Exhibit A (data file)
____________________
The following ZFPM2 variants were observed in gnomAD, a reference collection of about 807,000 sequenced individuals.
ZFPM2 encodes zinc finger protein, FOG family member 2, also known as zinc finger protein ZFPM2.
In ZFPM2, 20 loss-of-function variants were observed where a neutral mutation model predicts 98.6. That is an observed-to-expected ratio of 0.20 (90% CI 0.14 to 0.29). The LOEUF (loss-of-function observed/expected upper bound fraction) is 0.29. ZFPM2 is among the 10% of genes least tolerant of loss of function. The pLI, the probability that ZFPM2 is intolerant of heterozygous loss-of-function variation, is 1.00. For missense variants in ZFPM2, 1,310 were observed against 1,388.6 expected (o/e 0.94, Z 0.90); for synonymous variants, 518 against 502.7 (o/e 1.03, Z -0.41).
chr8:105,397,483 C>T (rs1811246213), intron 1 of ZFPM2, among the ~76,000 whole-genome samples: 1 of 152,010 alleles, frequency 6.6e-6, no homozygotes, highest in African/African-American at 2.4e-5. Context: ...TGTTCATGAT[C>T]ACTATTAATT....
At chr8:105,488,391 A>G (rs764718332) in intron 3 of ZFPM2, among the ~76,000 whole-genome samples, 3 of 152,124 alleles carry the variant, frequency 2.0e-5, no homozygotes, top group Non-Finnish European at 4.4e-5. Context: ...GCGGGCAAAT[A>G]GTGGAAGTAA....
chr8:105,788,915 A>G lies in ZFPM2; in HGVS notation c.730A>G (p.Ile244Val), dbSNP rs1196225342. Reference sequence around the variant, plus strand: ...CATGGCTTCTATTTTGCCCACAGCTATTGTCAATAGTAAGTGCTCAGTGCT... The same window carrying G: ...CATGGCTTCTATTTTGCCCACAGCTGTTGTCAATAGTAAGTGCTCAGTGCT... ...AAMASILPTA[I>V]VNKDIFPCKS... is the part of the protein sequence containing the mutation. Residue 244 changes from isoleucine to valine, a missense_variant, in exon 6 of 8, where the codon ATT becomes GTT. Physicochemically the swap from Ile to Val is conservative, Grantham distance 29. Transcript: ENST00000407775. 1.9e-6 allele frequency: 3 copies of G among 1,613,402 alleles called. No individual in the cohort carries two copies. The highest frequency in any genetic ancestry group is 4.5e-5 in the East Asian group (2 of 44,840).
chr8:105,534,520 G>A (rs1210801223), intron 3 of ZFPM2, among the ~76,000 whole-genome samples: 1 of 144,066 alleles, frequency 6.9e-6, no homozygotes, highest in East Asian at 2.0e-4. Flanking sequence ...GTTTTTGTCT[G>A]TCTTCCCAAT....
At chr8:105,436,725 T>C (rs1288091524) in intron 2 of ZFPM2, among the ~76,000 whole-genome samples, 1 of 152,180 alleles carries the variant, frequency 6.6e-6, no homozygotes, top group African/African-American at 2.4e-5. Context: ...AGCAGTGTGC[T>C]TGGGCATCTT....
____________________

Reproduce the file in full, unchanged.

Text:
The following ZFPM2 variants were observed in gnomAD, a reference collection of about 807,000 sequenced individuals.
ZFPM2 encodes zinc finger protein, FOG family member 2, also known as zinc finger protein ZFPM2.
In ZFPM2, 20 loss-of-function variants were observed where a neutral mutation model predicts 98.6. That is an observed-to-expected ratio of 0.20 (90% CI 0.14 to 0.29). The LOEUF (loss-of-function observed/expected upper bound fraction) is 0.29. ZFPM2 is among the 10% of genes least tolerant of loss of function. The pLI, the probability that ZFPM2 is intolerant of heterozygous loss-of-function variation, is 1.00. For missense variants in ZFPM2, 1,310 were observed against 1,388.6 expected (o/e 0.94, Z 0.90); for synonymous variants, 518 against 502.7 (o/e 1.03, Z -0.41).
chr8:105,397,483 C>T (rs1811246213), intron 1 of ZFPM2, among the ~76,000 whole-genome samples: 1 of 152,010 alleles, frequency 6.6e-6, no homozygotes, highest in African/African-American at 2.4e-5. Context: ...TGTTCATGAT[C>T]ACTATTAATT....
At chr8:105,488,391 A>G (rs764718332) in intron 3 of ZFPM2, among the ~76,000 whole-genome samples, 3 of 152,124 alleles carry the variant, frequency 2.0e-5, no homozygotes, top group Non-Finnish European at 4.4e-5. Context: ...GCGGGCAAAT[A>G]GTGGAAGTAA....
chr8:105,788,915 A>G lies in ZFPM2; in HGVS notation c.730A>G (p.Ile244Val), dbSNP rs1196225342. Reference sequence around the variant, plus strand: ...CATGGCTTCTATTTTGCCCACAGCTATTGTCAATAGTAAGTGCTCAGTGCT... The same window carrying G: ...CATGGCTTCTATTTTGCCCACAGCTGTTGTCAATAGTAAGTGCTCAGTGCT... ...AAMASILPTA[I>V]VNKDIFPCKS... is the part of the protein sequence containing the mutation. Residue 244 changes from isoleucine to valine, a missense_variant, in exon 6 of 8, where the codon ATT becomes GTT. Physicochemically the swap from Ile to Val is conservative, Grantham distance 29. Transcript: ENST00000407775. 1.9e-6 allele frequency: 3 copies of G among 1,613,402 alleles called. No individual in the cohort carries two copies. The highest frequency in any genetic ancestry group is 4.5e-5 in the East Asian group (2 of 44,840).
chr8:105,534,520 G>A (rs1210801223), intron 3 of ZFPM2, among the ~76,000 whole-genome samples: 1 of 144,066 alleles, frequency 6.9e-6, no homozygotes, highest in East Asian at 2.0e-4. Flanking sequence ...GTTTTTGTCT[G>A]TCTTCCCAAT....
At chr8:105,436,725 T>C (rs1288091524) in intron 2 of ZFPM2, among the ~76,000 whole-genome samples, 1 of 152,180 alleles carries the variant, frequency 6.6e-6, no homozygotes, top group African/African-American at 2.4e-5. Context: ...AGCAGTGTGC[T>C]TGGGCATCTT....